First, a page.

Measuring a business’s economic moat is a challenge, but a comparison using several metrics allows us to get an economic moat idea. That comparison is the grudge match of finance, WACC vs. ROIC.
Warren Buffett speaks numerous times about his fondness for companies with economic moats. His best investments, such as See’s Candies, Coca-Cola, and American Express, have economic moats.
Those moats allow the businesses to raise their prices over the years while expanding its profits – all while reinvesting in their businesses with incremental costs compared to the growing assets.
One of Buffett’s superpowers is the ability to look into the future and anticipate how his companies will perform. As mere mortals who don’t have that superpower, we need to find another way.
That way is the use of WACC vs. ROIC.
In today’s post, we will learn:
- What is WACC: An Overview
- What is ROIC: An Overview
- What is the Difference Between WACC and ROIC?
- Measuring the Economic Moat
Okay, let’s dive in and learn more about WACC vs. ROIC.
What is WACC: An Overview
Before we compare the two metrics, let’s look briefly at both sides of the comparison.
WACC is an acronym for the weighted average cost of capital. The WACC represents a blend of costs of capital across all sources.
The sources include common shares, preferred shares, and debt. Its percentage of total capital weighs the cost of capital and then is added together.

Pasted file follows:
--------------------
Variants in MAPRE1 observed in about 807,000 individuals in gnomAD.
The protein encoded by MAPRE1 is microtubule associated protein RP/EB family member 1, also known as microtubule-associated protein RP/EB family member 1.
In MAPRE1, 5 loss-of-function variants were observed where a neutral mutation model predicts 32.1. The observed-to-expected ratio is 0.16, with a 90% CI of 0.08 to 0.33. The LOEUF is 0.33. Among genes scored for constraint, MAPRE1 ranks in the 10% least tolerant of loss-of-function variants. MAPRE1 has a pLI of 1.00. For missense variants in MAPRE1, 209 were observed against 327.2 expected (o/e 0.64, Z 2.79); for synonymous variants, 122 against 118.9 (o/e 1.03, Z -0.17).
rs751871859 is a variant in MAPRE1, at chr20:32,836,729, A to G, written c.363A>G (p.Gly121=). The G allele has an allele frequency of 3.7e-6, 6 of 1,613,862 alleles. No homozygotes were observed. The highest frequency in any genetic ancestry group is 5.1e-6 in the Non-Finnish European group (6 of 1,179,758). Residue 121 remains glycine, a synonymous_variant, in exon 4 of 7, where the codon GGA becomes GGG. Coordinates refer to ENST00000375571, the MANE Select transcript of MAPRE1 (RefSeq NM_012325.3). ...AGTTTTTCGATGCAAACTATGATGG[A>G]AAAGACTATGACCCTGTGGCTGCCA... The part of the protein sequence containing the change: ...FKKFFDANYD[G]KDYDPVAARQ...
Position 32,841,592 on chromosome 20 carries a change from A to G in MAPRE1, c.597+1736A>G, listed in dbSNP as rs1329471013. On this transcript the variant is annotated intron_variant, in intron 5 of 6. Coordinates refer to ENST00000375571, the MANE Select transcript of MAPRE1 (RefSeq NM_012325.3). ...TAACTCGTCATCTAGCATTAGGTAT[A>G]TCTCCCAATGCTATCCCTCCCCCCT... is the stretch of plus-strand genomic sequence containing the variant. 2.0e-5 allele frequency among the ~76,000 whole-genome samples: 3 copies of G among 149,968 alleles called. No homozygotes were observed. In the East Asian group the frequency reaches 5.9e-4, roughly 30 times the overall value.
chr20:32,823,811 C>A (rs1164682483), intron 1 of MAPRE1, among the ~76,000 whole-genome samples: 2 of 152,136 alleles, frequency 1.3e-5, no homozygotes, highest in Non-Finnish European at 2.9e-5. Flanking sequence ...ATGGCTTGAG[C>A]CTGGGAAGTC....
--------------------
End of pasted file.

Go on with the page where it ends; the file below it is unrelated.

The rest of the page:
The WACC is a mash-up of debt and equity and its weights, and many use the WACC as a discount rate for financial modeling.
The WACC also acts as a minimum expected return in a discounted cash flow and other valuation methods, such as a dividend discount model and an excessive return model.
The WACC includes in its formula:
- Equity risk premium
- Risk-free rate
- An average yield of debt
As we can see, WACC takes elements of your investment’s equity or risk and the impact of debt and its interest payments.
The formula for WACC is below:
WACC = (E/V x Re) + ((D/V x Rd) x (1 – T))
And the inputs:
E = Market Cap
D = Market Value of the Company’s Debt
V = Total value of Capital = Equity Plus Debt
E/V = % of capital that is equity
D/V = % of capital that is debt
Re = Cost of equity or required rate of return
Rd = cost of debt or yield to maturity on existing debt
T = tax rate
The purpose of WACC is to determine the cost of each part of the company’s capital structure based on the portion of equity, debt, and preferred stock.
Each component of the formula has a cost to our company. Each company pays a fixed interest rate on its debt and preferred stock.
Even though a company doesn’t pay a fixed rate on its equity, it may pay dividends in cash to its stockholders.
The WACC remains an important piece of the DCF model and an important concept for everyone to understand, especially if you try to value companies.
If you want a much deeper dive into the formula and how to calculate it, please check out below:
What is ROIC: An Overview
On the other side of our comparison, we have the metric ROIC, or return on invested capital. The ROIC is a profitability or performance ratio that measures the percentage return a company earns on invested capital.
The ROIC tells us how efficiently a company uses the investor’s monies to generate income. Companies like to use ROIC as a benchmark to calculate competitors’ value.
Warren Buffett talks about moats and measuring a company’s moat throughout his shareholder letters. The most common example is See’s Candies, and he explains his thoughts on return on invested capital using the company as an illustration.